In an environment where there are fewer and fewer roles in finance because of outsourcing, transformation is one of the best areas where you can still give people succession development opportunities to make them ready for the next step.
Transformation projects mean exposure to different experiences and dealing with a variety of people. It means working across different functions, whether it’s IT or HR, as well as with external parties like consultancies and systems integrators. This experience will be vital when you get to the top and need to engage and liaise with the board.
The good news is that with 80% of companies currently going through a transformation of some nature, the opportunities are rife.
Many big corporates are implementing shared services, ERP systems and business intelligence platforms where high performing Finance Directors are required to sponsor the change. That person may drive it to success, but they also might fall on their sword, and that could really damage their reputation.
The organisation has a responsibility to ensure that the person they put forward to lead the transformation is set up for success. This could mean providing them with a mentor or offering specialist training.
To successfully sponsor a transformation, you don’t need to know all the answers, but you need to know how to get to them. It can be a lot of pressure to put someone into a transformation role. They need the right people and support systems in place to help them.
A divisional Finance Director who is highly successful in a particular region and delivering great returns to the group may be identified as a future leading light who will drive the business on to great things. But that doesn’t mean you can elect them to be the sponsor on a global shared services project, when they have little or no experience of delivering transformation on that scale.
This is where you may need to consider bringing in external talent. If you bring in an interim executive with specialist experience in the area you need, they can work alongside the Finance Director as a mentor and advisor. They provide the assurance and governance to support them in successfully delivering the transformation.
There’s every reason why a company should invest in high-performing individuals. If they get it right it will improve their confidence and give them a better shot at being a future CFO. But they need to be supported by the business to be successful. Otherwise, it’s a case of one step forward two steps backwards, and that’s only going to set them back on their journey to the top.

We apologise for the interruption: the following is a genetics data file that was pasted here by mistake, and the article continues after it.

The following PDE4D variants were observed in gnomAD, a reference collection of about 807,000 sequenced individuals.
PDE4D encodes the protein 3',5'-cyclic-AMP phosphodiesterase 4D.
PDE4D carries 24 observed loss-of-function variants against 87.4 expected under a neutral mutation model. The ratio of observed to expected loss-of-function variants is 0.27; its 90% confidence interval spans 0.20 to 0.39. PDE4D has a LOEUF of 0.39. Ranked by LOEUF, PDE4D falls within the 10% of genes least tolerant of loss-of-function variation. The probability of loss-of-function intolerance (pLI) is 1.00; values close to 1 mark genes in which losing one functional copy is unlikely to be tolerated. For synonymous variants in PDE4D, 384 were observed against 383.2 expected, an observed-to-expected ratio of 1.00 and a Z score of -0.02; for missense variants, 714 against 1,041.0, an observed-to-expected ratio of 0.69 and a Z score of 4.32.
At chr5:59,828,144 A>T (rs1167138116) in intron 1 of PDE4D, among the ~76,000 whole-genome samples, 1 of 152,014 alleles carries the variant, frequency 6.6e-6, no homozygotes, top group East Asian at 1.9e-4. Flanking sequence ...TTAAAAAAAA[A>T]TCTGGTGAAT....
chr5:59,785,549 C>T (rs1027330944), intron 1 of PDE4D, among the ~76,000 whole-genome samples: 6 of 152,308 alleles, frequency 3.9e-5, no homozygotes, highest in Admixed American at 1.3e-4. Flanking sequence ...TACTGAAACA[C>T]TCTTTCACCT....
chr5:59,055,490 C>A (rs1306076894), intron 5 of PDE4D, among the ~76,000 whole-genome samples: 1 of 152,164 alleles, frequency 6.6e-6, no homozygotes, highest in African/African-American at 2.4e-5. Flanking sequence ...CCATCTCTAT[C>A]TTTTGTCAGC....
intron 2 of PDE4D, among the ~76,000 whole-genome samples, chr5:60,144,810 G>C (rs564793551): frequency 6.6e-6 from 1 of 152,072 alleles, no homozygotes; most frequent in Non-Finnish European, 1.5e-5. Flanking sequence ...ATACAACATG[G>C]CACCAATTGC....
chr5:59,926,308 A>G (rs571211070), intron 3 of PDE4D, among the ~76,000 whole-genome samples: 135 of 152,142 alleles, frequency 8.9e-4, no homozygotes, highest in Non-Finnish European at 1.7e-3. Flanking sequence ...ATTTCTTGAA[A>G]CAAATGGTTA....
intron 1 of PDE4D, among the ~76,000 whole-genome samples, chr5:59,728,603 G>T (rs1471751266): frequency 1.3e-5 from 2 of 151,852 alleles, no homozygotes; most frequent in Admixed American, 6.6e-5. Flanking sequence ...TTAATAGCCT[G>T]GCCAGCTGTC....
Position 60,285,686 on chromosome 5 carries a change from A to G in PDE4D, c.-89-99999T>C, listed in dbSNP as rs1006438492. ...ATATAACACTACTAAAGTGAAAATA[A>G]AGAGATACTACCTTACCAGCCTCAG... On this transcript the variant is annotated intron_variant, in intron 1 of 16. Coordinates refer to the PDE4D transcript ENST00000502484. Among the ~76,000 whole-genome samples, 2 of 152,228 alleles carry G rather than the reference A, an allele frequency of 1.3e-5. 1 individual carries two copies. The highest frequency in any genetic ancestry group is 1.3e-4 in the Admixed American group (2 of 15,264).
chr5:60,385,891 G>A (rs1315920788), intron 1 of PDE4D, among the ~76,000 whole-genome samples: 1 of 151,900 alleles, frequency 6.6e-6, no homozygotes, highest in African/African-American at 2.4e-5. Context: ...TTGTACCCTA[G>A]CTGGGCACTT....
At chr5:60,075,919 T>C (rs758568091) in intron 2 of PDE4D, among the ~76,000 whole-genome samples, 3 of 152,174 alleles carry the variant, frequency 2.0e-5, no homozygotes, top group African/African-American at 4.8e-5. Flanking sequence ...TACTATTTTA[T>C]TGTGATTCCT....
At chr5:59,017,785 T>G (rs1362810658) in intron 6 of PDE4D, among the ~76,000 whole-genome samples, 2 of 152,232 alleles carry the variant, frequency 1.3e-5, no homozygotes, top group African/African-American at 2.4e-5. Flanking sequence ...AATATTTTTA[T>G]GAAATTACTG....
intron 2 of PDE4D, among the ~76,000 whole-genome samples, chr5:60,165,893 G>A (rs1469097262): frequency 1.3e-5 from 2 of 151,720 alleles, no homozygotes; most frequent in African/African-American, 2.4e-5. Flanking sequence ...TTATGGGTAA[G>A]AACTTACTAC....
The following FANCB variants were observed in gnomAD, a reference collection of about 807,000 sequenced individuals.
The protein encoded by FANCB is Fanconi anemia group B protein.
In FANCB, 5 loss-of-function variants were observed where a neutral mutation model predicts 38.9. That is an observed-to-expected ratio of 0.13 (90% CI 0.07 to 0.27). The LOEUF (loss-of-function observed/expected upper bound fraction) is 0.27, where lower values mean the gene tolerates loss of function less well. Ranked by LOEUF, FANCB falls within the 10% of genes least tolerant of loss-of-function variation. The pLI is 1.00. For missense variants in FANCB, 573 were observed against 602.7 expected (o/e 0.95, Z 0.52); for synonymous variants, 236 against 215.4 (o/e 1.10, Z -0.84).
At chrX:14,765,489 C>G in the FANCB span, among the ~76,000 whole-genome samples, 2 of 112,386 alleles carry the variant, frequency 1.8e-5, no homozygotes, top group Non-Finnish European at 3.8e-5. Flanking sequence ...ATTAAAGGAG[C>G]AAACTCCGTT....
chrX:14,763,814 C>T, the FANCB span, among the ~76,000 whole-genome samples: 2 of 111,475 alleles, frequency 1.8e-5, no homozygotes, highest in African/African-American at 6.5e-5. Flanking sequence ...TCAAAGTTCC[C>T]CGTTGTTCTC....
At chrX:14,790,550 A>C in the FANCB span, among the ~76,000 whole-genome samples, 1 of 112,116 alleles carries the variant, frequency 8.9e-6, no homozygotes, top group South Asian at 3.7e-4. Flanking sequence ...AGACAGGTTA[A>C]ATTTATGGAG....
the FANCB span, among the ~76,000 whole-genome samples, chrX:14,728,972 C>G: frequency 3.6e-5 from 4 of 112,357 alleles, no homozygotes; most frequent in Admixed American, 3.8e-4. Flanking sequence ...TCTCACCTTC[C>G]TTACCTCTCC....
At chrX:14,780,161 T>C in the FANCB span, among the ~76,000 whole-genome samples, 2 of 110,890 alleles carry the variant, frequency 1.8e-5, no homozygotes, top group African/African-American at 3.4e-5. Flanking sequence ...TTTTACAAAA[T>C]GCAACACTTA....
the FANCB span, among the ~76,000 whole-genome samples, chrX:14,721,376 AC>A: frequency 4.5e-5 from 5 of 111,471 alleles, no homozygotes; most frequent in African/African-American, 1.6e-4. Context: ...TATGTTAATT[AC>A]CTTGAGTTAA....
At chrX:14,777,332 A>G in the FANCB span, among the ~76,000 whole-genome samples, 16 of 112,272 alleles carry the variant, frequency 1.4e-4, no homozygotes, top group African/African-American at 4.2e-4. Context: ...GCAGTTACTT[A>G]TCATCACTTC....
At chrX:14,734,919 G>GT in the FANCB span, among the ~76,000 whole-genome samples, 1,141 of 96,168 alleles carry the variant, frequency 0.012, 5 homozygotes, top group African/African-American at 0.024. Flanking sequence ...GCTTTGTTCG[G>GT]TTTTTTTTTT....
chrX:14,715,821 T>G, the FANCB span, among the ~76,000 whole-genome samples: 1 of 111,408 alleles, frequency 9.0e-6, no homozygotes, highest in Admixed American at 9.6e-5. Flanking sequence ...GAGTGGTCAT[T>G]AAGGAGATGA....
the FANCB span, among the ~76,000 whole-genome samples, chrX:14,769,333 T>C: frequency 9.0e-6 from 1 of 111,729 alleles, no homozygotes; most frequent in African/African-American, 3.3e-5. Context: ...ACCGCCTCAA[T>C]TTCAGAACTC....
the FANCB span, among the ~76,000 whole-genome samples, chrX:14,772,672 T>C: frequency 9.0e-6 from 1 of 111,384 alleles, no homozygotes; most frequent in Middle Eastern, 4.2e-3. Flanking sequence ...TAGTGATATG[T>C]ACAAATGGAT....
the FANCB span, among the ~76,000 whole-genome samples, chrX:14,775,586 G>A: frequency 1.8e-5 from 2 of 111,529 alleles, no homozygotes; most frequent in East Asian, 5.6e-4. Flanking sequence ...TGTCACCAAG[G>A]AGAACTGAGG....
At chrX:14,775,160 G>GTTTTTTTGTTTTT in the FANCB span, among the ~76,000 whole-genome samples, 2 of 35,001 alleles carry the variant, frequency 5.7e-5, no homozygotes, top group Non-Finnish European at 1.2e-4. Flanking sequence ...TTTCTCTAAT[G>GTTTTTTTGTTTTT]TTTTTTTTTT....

Ultimately, the responsibility lies with the CEO to make sure that whoever they have invited to be the sponsor is given the right tools or taught and developed in the right way to lead a major transformation. Because these skills don’t just develop overnight.
Transformation projects also provide people with opportunities to fix an area of the business they’re frustrated with. Even if they don’t want to progress or be the next CFO, it still gives them the chance to do something that will help improve their experience within the business and retain them.
If a CFO has been engaged in conversation and dialogue with their team, they’ll know where the areas of frustration are. They’ll also know who is being most vocal about a particular frustration, which will lead them to the right person to drive its improvement. Again, whether they will be successful comes down to whether or not they are equipped with the right skills.
Transformation gives people the opportunity to gain experience in different areas and build up their knowledge about how these areas work. It gives them access to skills and learning that they wouldn’t normally get when it comes to business as usual. And this can set them up with the skills and resilience needed to be successful at the top.